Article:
Lending Club 2: The Fast Lane

For Lending Club’s CEO, putting his big trimaran into the record books is only half the mission.
lending club
Lending Club CEO Renaud Laplanche chartered the maxi Trimaran, formerly Groupama 3, for record attempts as well as client and employee relations. Here. guests enjoy a spin in New York City. Quin Bisset

At 18 tons, 105 feet, and 74 feet of beam, getting Lending Club 2 off the dock is a feat. It’s an orchestrated exit involving an army wrestling spring lines, and two motorboats. Of the total tonnage, the sails alone account for two. Four people must drag the medium gennaker to the forward trampoline, and four grinders work in shifts to hoist the behemoth mainsail to the top of the 140-foot mast.

With 25 knots of boatspeed, and its windward hull flying, the boat is remarkably stable. The lack of wetted surface and the sheer amount of sail area means acceleration in puffs is instant. Its boat captain, Jan Majer, says the trimaran is capable of speeds in excess of 40 knots.

There’s some serious power in the sailplan, but the skill with which the crew handles the boat is a testament to the program that co-skippers Renaud Laplanche and Ryan Breymaier have built.


Laplanche, CEO of Lending Club, a peer-to-peer credit marketplace, is a two-time French Laser national champion. He shares the helm with Breymaier, the team’s program director, who has been responsible for the Lending Club Sailing program since its inception in 2013. Lending Club 2 is the second trimaran sailed by the team, but the first chartered for one primary purpose: to break ocean-passage records. In early 2015, they crossed off two, from Cowes to Dinard and Newport to Bermuda. Lending Club 2 sailed the Newport to Bermuda course more than 14 hours faster than previous record holder, Steve Fossett’s PlayStation. “Getting into the Gulf Stream at 40 knots, with bright sunshine, the leeward hull spraying water up 10 feet in the air, and the temperature climbing as we got deeper into it—that was quite epic,” says Laplanche.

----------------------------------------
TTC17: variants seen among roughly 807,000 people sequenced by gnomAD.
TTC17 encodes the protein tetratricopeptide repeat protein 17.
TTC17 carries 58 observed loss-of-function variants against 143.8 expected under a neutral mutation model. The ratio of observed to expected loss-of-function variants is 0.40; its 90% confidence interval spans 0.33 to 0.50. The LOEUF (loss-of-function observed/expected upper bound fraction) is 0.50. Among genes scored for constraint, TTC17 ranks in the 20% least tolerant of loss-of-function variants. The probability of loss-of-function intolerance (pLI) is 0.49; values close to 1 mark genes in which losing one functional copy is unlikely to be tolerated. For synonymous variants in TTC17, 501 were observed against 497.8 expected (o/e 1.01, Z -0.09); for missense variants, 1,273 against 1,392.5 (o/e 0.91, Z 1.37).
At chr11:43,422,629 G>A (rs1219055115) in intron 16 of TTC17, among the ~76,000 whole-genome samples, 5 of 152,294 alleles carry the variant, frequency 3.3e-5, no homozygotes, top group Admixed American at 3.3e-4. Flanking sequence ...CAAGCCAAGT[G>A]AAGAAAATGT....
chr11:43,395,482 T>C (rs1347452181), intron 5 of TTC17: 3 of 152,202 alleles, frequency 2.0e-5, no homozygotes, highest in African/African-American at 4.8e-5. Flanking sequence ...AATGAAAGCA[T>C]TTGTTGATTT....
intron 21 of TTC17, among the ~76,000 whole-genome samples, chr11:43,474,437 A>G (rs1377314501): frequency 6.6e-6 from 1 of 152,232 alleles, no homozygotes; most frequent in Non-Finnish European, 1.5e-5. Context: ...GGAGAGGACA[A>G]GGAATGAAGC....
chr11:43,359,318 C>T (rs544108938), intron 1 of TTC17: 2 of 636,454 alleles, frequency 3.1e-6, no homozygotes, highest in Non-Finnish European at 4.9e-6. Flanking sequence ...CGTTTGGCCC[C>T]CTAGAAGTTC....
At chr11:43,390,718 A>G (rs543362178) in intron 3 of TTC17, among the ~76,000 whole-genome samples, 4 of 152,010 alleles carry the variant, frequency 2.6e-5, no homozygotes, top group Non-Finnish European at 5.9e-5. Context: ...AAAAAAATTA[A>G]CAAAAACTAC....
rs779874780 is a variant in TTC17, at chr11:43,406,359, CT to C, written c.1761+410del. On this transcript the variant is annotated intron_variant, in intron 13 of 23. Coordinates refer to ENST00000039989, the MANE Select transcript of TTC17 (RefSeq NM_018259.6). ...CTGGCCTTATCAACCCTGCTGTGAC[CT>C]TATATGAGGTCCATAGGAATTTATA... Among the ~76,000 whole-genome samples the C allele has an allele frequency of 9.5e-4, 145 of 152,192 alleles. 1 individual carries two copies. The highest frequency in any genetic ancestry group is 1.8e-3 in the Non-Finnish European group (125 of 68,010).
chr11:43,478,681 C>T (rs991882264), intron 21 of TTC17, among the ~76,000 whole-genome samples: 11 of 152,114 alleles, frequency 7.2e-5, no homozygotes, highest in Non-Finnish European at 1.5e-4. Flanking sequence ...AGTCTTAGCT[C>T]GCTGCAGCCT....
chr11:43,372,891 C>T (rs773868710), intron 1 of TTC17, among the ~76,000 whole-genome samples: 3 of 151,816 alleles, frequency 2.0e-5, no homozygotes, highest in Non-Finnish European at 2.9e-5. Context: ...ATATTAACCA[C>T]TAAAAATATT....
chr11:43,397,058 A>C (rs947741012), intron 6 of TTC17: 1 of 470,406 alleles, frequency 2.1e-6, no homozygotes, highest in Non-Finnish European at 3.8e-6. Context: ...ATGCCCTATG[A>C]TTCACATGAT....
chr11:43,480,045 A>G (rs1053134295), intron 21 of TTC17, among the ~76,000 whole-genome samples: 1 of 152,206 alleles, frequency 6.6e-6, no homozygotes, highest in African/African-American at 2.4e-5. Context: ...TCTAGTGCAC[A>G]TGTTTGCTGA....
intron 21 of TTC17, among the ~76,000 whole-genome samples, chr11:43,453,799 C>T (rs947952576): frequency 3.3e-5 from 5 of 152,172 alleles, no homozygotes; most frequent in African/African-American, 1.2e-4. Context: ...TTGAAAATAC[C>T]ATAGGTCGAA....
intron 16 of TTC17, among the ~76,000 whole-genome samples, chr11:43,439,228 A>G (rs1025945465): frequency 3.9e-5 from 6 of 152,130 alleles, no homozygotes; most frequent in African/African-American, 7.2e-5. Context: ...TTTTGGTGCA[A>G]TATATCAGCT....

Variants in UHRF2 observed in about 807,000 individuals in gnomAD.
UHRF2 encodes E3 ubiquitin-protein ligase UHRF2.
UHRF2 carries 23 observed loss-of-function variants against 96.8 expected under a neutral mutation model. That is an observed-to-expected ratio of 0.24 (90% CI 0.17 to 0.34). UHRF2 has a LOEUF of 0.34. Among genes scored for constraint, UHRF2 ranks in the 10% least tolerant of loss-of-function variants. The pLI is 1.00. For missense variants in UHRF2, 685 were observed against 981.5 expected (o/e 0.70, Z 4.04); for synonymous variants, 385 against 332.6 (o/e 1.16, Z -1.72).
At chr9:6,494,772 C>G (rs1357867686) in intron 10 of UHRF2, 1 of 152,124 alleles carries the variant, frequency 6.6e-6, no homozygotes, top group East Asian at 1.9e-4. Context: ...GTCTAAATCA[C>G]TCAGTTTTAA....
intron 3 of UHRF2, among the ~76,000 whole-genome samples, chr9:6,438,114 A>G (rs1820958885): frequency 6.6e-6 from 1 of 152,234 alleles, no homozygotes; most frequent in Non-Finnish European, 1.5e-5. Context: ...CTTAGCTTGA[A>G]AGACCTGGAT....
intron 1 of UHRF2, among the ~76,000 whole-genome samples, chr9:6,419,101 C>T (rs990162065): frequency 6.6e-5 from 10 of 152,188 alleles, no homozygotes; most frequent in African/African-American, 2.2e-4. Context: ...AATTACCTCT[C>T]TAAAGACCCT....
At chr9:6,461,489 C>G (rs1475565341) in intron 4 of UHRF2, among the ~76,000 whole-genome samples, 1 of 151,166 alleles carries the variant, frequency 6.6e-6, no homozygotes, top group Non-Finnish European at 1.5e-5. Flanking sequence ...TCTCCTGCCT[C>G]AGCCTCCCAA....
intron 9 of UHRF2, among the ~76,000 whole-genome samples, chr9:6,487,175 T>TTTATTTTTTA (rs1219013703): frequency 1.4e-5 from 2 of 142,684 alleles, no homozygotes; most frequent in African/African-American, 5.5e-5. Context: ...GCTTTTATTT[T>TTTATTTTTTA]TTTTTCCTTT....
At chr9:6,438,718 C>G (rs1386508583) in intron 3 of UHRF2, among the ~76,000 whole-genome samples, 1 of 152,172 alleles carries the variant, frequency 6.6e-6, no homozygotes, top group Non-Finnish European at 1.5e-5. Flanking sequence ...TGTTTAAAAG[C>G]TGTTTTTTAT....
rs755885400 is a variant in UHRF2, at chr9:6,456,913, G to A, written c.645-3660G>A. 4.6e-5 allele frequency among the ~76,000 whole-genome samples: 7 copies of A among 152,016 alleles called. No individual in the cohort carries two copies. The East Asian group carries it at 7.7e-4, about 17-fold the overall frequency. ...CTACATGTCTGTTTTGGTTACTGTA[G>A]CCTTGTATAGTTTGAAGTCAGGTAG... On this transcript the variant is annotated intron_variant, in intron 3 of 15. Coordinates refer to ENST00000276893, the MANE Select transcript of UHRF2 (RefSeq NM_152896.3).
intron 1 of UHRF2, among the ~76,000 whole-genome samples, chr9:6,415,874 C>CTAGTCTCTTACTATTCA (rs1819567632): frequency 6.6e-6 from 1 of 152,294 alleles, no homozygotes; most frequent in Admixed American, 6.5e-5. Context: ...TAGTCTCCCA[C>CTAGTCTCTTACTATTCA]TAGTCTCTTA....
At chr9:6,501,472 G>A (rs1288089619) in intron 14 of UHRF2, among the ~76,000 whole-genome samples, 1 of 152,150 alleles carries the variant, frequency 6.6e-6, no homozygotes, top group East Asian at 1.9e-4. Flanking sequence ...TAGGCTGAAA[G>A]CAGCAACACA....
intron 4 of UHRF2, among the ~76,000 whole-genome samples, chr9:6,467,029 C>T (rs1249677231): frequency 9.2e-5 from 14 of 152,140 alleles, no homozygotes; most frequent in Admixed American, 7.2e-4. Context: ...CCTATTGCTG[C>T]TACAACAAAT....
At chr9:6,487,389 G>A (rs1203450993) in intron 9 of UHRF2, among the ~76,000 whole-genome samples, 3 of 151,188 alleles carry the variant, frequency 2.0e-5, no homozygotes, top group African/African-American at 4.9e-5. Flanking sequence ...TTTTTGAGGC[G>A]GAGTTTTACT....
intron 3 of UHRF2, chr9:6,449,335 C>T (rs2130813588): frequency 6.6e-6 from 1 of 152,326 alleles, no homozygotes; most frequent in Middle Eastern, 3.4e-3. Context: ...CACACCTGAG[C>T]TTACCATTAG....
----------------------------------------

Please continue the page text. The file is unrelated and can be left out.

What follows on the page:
“The campaign is really Renaud’s,” says Breymaier of his co-skipper. “It’s a passion. There’s no company money being used to fund the campaign, and he donates the sails to the company to use as advertising.”

When not chasing records, the boat is used to entertain employees, investors, and friends. “It’s like the Patriots in New England,” says Breymaier. “Having everyone standing behind one team, cheering them on toward the same goals, is powerful.” “The attributes of high performance sailing—particularly technology, innovation, strategy, tactics, safety, teamwork—align well with Lending Club’s values as a business,” says Laplanche. “It felt natural and useful to communicate those values through the record-breaking program.”


Before the Transpac start in July, Lending Club 2 will host five weeks of “PR sailing” in San Francisco.

“It’s a way for everyone to get involved and get excited about the sport, about the program, and about the boat,” says Breymaier.

The private program with a public facade has so far been successful. “Our guests in New York have been sending us raving emails since,” says Laplanche. “It was quite fun to cross Staten Island Ferries at 30 knots in New York—and it was also quite rewarding to experience the boat through the eyes of our guests, especially the kids.


“For the company, it’s another opportunity for employees to rally around a common goal as a team. For me as a CEO, it’s an opportunity to send a message to our employees: Dream big, and pursue your dreams.”